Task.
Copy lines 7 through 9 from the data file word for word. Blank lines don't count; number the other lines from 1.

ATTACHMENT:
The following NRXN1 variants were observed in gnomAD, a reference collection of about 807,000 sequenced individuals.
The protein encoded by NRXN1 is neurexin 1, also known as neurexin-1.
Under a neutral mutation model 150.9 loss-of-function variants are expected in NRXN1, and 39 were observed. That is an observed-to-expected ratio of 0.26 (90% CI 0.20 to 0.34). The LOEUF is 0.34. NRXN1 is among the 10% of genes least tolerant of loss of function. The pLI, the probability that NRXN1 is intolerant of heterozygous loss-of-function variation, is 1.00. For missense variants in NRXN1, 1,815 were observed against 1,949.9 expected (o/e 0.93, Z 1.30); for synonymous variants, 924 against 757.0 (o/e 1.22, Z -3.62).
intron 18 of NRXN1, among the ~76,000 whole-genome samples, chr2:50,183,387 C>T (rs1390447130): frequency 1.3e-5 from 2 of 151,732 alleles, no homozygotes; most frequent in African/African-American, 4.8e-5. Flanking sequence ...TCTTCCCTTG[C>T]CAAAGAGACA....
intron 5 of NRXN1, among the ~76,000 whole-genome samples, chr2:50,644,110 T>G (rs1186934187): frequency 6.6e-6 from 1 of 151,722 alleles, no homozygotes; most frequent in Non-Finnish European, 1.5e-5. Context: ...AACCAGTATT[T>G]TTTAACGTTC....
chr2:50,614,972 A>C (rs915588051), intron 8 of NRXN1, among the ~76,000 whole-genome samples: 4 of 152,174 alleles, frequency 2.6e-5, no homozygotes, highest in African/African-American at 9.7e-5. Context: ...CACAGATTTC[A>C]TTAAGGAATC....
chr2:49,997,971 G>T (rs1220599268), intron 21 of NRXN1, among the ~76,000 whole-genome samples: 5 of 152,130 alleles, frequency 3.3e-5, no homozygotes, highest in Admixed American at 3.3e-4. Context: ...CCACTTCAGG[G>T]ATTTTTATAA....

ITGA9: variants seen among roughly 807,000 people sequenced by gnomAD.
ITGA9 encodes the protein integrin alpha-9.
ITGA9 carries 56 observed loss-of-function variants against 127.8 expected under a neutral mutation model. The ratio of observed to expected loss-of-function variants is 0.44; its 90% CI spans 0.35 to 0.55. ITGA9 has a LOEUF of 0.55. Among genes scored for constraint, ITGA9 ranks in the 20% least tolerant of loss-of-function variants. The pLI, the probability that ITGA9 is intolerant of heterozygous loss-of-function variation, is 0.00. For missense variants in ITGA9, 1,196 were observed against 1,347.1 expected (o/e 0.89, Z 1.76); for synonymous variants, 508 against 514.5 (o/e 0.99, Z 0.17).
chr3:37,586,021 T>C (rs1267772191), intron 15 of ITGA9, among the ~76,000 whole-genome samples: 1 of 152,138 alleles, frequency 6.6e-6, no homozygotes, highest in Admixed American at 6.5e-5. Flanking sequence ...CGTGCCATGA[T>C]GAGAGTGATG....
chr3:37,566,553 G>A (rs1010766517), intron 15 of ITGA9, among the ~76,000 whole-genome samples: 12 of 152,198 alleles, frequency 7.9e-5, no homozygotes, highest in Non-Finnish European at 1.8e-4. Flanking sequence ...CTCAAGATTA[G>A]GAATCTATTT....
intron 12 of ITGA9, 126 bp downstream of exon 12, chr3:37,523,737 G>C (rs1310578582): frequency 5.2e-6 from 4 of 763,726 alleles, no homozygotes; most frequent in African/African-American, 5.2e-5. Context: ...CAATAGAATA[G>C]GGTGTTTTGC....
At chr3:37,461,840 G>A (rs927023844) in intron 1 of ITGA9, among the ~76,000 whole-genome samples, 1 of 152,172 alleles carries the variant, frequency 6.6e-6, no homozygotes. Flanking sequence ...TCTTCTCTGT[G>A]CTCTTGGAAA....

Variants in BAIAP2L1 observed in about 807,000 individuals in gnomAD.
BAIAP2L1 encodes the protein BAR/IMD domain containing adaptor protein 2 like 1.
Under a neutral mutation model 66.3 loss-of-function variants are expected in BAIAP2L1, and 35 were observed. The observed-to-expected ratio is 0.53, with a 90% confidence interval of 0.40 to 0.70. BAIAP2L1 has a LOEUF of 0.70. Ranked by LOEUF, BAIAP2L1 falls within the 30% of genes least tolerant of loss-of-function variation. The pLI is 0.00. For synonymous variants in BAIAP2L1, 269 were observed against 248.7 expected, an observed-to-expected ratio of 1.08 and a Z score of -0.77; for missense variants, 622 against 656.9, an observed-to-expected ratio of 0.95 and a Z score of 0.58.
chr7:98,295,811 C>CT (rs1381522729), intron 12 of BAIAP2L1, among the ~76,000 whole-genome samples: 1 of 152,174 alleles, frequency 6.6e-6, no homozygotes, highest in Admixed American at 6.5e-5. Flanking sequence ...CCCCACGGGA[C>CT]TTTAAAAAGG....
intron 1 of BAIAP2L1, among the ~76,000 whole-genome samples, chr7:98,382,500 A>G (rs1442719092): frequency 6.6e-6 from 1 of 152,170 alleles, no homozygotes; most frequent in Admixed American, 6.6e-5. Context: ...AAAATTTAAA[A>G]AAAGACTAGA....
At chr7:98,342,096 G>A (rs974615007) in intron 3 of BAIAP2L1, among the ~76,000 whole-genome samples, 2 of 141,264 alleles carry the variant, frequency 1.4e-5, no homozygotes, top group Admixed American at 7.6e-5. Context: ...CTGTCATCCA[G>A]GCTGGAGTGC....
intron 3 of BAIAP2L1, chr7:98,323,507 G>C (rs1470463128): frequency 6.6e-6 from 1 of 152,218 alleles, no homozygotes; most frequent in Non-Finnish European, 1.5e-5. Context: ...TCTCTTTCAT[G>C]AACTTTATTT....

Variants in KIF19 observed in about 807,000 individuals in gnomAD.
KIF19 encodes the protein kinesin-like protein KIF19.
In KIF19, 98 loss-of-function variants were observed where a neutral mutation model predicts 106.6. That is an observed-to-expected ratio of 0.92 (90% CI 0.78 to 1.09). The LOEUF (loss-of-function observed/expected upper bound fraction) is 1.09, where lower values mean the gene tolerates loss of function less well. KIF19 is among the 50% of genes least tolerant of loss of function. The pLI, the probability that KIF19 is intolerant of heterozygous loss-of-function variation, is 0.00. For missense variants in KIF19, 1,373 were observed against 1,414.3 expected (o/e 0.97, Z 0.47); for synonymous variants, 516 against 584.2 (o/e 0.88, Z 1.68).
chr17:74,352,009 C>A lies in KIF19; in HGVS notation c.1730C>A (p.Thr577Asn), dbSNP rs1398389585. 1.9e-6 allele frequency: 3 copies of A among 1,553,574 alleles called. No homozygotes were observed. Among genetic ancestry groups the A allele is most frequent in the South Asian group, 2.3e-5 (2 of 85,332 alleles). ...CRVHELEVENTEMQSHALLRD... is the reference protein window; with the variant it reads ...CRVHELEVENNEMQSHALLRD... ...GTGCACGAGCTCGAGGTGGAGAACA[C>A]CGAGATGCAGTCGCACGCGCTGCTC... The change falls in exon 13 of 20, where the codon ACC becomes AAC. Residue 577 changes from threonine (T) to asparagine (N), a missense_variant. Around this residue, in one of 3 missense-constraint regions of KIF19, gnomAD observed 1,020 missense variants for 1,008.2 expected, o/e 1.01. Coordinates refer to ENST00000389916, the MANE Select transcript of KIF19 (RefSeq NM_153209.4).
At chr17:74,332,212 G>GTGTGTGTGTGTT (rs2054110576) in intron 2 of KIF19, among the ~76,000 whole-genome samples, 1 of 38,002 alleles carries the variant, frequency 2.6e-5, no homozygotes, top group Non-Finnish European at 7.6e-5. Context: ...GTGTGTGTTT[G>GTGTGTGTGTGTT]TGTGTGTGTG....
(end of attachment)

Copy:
chr2:49,997,971 G>T (rs1220599268), intron 21 of NRXN1, among the ~76,000 whole-genome samples: 5 of 152,130 alleles, frequency 3.3e-5, no homozygotes, highest in Admixed American at 3.3e-4. Context: ...CCACTTCAGG[G>T]ATTTTTATAA....

ITGA9: variants seen among roughly 807,000 people sequenced by gnomAD.
ITGA9 encodes the protein integrin alpha-9.